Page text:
Love “Barter’d” in The City Jilt

In numerous ways, Eliza Haywood’s The City Jilt portrays love as a bargaining process. For example, after the ruined and humbled Melladore learns that Glicera, whom he formerly impregnated and thereafter abandoned, holds the mortgage to his estate, he writes her a letter, admitting to his wrongdoings: “Like the foolish Indians, I have barter’d Gold for Glass, exchang’d the best for one of the vilest that ever disgraced the name of Woman” (101). Melladore’s letter expresses the supposed regret he experiences by choosing to marry the wealthy Helena over Glicera, who is a woman of little wealth but exceeding merit. Although he recognizes his selfish and shallow mistake, he uses words like “barter’d” and “exchang’d” to describe his poor marital decision, as though marriage was a haggling process. Thus, even after his downfall, Melladore continues to see love as a financial transaction; he realizes the errors in his marital stance, but he simply cannot overcome his profiteering outlook.
As Melladore falls victim to his persistently sexist viewpoints, he also establishes himself as a victim in the above quote by likening himself to an Indian. Although he does not clarify the type of “Indian” he refers to, it is interesting to note that in the eighteenth century, Native Americans in the New World traded gold (an abundant resource for them at the time) for European glass beads (De Mendiola 39). The European colonizers believed the natives were extremely ignorant for misjudging the value of gold (an exhaustible natural resource) versus glass (a copious man-made good), and they greedily took advantage of the Indians’ lack of knowledge by acquiring as much gold from them as possible (De Mendiola 40). Though Melladore relates himself to the Indians, his greed actually parallels the Europeans’ behavior. Not only does he marry Helena for her wealth, but his greed for sexual pleasure leads him to seduce Glicera; he fools her into believing that he will marry her after they have sexual intercourse. Thus, just as the colonizers abused the Indians’ lack of knowledge to gain their riches, Melladore ruins Glicera by exploiting her naivety and subsequently achieving the sexual satisfaction he sought.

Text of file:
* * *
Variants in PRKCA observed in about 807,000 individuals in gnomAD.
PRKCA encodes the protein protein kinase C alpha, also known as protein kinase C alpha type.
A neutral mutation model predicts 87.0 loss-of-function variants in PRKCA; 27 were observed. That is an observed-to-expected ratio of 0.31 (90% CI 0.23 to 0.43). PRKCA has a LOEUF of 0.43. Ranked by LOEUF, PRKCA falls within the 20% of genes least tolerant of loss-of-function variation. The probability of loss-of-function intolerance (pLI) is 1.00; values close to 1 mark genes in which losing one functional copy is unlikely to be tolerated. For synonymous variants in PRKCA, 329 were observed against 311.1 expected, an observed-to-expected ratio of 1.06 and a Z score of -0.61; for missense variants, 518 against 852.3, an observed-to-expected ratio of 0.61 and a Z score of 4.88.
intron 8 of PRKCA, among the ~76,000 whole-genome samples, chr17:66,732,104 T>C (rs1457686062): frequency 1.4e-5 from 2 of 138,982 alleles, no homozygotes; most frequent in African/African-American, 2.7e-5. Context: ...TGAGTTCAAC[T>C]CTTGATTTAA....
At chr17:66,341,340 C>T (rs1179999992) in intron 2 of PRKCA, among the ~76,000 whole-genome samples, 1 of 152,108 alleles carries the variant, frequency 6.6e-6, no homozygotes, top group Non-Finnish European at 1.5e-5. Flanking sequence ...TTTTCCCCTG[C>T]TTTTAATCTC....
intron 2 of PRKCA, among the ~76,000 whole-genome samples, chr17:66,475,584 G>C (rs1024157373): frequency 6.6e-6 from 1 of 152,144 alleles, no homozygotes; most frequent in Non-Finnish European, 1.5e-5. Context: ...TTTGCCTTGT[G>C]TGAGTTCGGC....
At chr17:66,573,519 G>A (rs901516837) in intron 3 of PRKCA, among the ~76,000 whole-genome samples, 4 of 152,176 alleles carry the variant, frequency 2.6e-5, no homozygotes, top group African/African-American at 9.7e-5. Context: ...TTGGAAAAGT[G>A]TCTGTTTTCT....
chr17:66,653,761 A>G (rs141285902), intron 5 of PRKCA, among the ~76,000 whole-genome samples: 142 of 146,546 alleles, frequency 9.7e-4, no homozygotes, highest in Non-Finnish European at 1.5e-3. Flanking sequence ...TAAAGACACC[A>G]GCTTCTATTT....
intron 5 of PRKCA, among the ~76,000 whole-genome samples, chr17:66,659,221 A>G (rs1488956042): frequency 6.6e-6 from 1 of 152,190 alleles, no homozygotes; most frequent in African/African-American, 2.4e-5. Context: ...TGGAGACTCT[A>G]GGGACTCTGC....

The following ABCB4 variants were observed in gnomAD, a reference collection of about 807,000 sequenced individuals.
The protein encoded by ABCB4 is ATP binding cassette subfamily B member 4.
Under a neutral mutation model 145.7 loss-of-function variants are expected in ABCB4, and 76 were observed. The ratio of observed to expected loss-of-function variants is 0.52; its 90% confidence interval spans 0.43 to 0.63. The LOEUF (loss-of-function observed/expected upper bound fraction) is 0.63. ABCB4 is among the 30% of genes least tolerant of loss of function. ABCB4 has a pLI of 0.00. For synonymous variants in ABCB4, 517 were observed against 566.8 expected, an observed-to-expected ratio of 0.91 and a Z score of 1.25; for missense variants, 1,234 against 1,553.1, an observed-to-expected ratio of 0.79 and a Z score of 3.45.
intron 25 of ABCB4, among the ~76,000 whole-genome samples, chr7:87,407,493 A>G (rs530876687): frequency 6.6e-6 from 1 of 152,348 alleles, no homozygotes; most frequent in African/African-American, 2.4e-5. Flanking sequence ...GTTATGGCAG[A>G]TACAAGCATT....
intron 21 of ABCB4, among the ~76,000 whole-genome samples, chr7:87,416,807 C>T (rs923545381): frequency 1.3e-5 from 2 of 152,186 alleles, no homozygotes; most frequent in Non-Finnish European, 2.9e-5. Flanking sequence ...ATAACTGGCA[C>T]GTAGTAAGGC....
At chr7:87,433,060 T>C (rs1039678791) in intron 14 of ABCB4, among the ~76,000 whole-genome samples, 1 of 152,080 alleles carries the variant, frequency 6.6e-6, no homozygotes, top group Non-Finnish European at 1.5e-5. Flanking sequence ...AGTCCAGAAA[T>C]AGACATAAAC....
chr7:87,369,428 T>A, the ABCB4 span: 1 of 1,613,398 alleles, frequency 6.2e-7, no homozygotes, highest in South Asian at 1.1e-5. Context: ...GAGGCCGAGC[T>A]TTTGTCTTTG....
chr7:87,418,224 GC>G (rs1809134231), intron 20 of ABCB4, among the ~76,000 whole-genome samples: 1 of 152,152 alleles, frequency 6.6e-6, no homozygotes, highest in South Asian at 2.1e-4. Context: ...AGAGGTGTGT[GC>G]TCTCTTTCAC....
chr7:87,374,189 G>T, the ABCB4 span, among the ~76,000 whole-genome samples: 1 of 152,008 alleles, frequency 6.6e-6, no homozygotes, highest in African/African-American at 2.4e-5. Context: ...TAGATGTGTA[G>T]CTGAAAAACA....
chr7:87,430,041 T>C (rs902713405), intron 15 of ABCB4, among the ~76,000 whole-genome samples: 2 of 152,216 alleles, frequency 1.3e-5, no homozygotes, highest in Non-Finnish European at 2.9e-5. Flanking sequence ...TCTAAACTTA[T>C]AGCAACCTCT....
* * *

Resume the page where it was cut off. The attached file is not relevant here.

Also worth noting are the multiple meanings of glass. As mentioned before, glass represents an inferior product to gold, yet it also symbolizes transparency and reflectiveness. After Melladore marries Helena, who not only drives him into poverty but deserts him for another man, Melladore begins to witness the consequences of his wicked behavior towards Glicera. When he “trades” Glicera for Helena, or according to his analogy, trades gold for glass, Melladore symbolically and inadvertently gains both the clarity and reflection of glass: physically, glass can be clear, or also reflective, as in a looking glass. Further, it clarifies sight (as in eye-glasses) or magnifies an object (like a magnifying-glass) (“Glass” n1. 10d). Because glass allows individuals to see more clearly, for Melladore, it symbolically enables him to observe the wickedness inside himself and the error of his ways.
While likening Helena to glass, he also labels her as “the vilest that ever disgraced the name of Woman.” Though, here, he obviously refers to her low moral character, the word “vile” also means, firstly, “cheap, low (in price),” (“Vile” a. 5c) and secondly, “of poor or bad quality; wretchedly bad or inferior” (“Vile” a. 6). Therefore, even while critically describing his wife’s morality, he still manages to fiscally evaluate her, too.

Works Cited